The question driving the latest made-for-Instagram art installation is really quite pressing. According to Glamour, A. Human poses the question, "What is the future of self-expression? If you could change your body as easily as you change your clothing, would you?" A. Human’s website seemingly confirms this by painting a picture of fashion’s (possibly near?) future: “Enter a fashion showroom from the future where clothes have been replaced with body modifications.”
Upon mentioning this fashion brand of the future to my mom, she said it sounded like The Hunger Games. No, not the part where Katniss Everdeen was fighting for her life. The part where everyone in the Capitol is dressed in the most outrageous clothes with the most outrageous makeup. Naturally, all this talk of anything becoming like The Hunger Games made me uncomfortable. And even scarier, I think that’s A. Humans’ thing.
If you’ve seen any of A. Human’s work on Kim Kardashian West, Chrissy Teigen and/or Tan France, then you know their pieces are somewhat unsettling. Kim wore a choker that looked like it was embedded in her neck with lights that glowed in sync with her heartbeat. Chrissy wore a set of wings on her upper chest. And Tan wore a Tudor-inspired ruffle collar complete with opaque crystals. All of which looked very intriguing and yes, fashionable, but the idea these “futuristic” pieces spoke to is incredibly frightening.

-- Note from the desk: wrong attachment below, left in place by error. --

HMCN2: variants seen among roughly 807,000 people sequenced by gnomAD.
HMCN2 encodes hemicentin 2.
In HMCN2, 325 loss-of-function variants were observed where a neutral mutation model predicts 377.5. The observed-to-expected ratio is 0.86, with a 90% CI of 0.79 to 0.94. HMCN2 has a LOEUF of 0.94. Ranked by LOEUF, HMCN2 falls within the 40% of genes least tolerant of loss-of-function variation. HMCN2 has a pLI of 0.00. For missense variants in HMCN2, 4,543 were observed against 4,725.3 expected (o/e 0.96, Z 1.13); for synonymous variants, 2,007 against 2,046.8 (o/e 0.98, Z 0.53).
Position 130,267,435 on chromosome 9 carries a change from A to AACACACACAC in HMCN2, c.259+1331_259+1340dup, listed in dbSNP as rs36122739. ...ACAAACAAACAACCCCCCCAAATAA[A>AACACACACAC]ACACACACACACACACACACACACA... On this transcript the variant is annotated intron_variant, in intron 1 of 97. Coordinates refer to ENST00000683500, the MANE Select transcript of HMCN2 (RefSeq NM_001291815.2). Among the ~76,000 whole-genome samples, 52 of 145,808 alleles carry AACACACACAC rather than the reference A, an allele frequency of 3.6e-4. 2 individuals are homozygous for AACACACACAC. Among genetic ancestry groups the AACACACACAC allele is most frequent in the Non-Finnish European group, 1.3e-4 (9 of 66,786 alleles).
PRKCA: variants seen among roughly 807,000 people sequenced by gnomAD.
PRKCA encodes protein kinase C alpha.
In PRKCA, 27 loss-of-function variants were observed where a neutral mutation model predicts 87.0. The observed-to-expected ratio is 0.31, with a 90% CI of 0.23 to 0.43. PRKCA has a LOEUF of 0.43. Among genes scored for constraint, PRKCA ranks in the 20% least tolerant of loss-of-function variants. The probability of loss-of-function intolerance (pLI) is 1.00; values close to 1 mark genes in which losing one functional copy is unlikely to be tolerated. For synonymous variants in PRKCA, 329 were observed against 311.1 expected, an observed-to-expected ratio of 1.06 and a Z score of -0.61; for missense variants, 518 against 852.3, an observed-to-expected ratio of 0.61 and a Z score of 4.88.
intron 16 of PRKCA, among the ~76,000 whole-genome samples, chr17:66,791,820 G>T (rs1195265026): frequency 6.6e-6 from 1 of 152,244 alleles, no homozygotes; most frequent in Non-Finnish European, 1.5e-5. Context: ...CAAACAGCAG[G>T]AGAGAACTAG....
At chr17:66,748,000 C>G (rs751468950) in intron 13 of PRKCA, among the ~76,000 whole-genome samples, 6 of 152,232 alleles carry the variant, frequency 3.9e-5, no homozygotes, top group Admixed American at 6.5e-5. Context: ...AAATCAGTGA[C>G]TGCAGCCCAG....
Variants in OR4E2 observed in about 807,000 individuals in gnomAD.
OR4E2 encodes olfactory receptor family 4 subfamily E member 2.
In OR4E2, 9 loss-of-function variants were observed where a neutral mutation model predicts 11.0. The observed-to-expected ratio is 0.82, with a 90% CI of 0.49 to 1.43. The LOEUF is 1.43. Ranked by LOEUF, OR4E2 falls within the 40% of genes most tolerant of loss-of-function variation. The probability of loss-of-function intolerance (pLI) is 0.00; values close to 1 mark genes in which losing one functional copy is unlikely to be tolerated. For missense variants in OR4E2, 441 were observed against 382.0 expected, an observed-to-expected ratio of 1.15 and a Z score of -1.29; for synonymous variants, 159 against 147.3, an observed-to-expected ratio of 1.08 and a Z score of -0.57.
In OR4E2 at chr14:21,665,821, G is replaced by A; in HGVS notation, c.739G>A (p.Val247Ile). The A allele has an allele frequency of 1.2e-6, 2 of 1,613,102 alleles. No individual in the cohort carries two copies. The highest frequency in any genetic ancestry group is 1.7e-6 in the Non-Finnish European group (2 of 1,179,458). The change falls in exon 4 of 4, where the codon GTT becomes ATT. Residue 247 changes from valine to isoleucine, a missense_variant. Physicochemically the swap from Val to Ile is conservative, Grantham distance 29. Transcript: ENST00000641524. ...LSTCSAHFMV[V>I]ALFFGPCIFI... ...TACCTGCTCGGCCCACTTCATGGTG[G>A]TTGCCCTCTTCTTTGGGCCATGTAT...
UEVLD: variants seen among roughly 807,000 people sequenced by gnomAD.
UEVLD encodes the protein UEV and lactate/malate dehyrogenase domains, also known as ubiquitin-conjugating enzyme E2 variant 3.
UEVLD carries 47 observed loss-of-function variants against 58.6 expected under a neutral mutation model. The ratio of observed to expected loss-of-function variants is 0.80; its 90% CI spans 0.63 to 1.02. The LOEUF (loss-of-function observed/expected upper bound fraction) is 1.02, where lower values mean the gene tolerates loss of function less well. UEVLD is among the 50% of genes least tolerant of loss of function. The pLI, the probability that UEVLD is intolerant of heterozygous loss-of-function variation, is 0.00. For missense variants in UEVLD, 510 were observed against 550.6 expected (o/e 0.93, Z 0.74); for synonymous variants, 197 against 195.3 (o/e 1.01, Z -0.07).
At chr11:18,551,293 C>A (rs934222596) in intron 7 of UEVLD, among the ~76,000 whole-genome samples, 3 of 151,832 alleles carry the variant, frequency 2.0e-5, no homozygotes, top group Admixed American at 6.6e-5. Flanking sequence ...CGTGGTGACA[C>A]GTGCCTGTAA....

A. Human’s art installation, which launched this week in accordance with fashion week (which I’m assuming was intentional), presented even more of these grim, albeit fascinating pieces, including a live model wearing blue-horned shoulder pieces, flesh-like lace webbing in-between fingers and a nod to heels of the future (aka heels implanted into the back of the foot). Think American Horror Story, but make it fashion, and you’ve got A. Human.
The aspect that everyone seems to be ignoring about A. Human, though, is what it might actually mean for the future of fashion. Now listen, we all know that the future is far more dystopian-looking these days than The Jetsons had predicted (which is a real bummer, btw), but has this dystopian vision of the future reached so far as to influence fashion? A. Human answers that question with a resounding “Yes.”
The trouble with A. Human is not the fashion itself. Actually, the pieces A. Human has created are amazingly believable and are even quite beautiful and ornate. I find the shock value of A. Human actually comes from what the brand represents, which is this idea that someday (hopefully in the very distant future, if at all) we could change our bodies as simply as we change our outfits or do our makeup. The idea that fashion won’t just be about the clothes we can or can’t afford, but about the lengths we are willing to put our bodies through to bend to fashion’s whims. There is something truly terrifying about this concept A. Human perpetuates involving the future of fashion being somehow connected to the increasingly approachable plastic surgery craze.
Who knows what the fashion of the future will ultimately look like, but someone get Ryan Murphy on the line. American Horror Story: A. Human, anyone?